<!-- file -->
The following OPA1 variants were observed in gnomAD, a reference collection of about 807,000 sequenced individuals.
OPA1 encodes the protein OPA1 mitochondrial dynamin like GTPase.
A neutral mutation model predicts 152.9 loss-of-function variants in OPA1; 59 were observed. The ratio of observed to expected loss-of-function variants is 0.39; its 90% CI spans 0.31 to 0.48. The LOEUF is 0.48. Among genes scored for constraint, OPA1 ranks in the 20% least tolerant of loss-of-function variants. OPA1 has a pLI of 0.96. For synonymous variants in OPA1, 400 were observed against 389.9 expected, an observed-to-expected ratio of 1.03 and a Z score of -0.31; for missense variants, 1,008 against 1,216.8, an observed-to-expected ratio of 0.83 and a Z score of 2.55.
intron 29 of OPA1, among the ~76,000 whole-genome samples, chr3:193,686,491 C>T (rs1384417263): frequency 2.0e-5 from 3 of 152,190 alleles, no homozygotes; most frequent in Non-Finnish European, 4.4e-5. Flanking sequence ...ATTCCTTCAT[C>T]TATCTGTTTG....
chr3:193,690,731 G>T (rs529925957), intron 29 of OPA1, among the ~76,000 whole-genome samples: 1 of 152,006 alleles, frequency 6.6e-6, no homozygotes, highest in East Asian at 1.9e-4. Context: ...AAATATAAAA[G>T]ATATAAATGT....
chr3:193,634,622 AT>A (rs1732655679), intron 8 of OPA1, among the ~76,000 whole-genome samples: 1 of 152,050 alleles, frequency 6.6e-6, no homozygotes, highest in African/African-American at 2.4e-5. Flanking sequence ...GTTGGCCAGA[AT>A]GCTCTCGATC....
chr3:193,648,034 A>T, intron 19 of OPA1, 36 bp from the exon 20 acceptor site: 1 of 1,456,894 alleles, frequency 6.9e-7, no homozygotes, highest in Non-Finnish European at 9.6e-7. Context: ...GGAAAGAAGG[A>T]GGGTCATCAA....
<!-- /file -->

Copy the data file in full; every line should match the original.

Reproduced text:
The following OPA1 variants were observed in gnomAD, a reference collection of about 807,000 sequenced individuals.
OPA1 encodes the protein OPA1 mitochondrial dynamin like GTPase.
A neutral mutation model predicts 152.9 loss-of-function variants in OPA1; 59 were observed. The ratio of observed to expected loss-of-function variants is 0.39; its 90% CI spans 0.31 to 0.48. The LOEUF is 0.48. Among genes scored for constraint, OPA1 ranks in the 20% least tolerant of loss-of-function variants. OPA1 has a pLI of 0.96. For synonymous variants in OPA1, 400 were observed against 389.9 expected, an observed-to-expected ratio of 1.03 and a Z score of -0.31; for missense variants, 1,008 against 1,216.8, an observed-to-expected ratio of 0.83 and a Z score of 2.55.
intron 29 of OPA1, among the ~76,000 whole-genome samples, chr3:193,686,491 C>T (rs1384417263): frequency 2.0e-5 from 3 of 152,190 alleles, no homozygotes; most frequent in Non-Finnish European, 4.4e-5. Flanking sequence ...ATTCCTTCAT[C>T]TATCTGTTTG....
chr3:193,690,731 G>T (rs529925957), intron 29 of OPA1, among the ~76,000 whole-genome samples: 1 of 152,006 alleles, frequency 6.6e-6, no homozygotes, highest in East Asian at 1.9e-4. Context: ...AAATATAAAA[G>T]ATATAAATGT....
chr3:193,634,622 AT>A (rs1732655679), intron 8 of OPA1, among the ~76,000 whole-genome samples: 1 of 152,050 alleles, frequency 6.6e-6, no homozygotes, highest in African/African-American at 2.4e-5. Flanking sequence ...GTTGGCCAGA[AT>A]GCTCTCGATC....
chr3:193,648,034 A>T, intron 19 of OPA1, 36 bp from the exon 20 acceptor site: 1 of 1,456,894 alleles, frequency 6.9e-7, no homozygotes, highest in Non-Finnish European at 9.6e-7. Context: ...GGAAAGAAGG[A>T]GGGTCATCAA....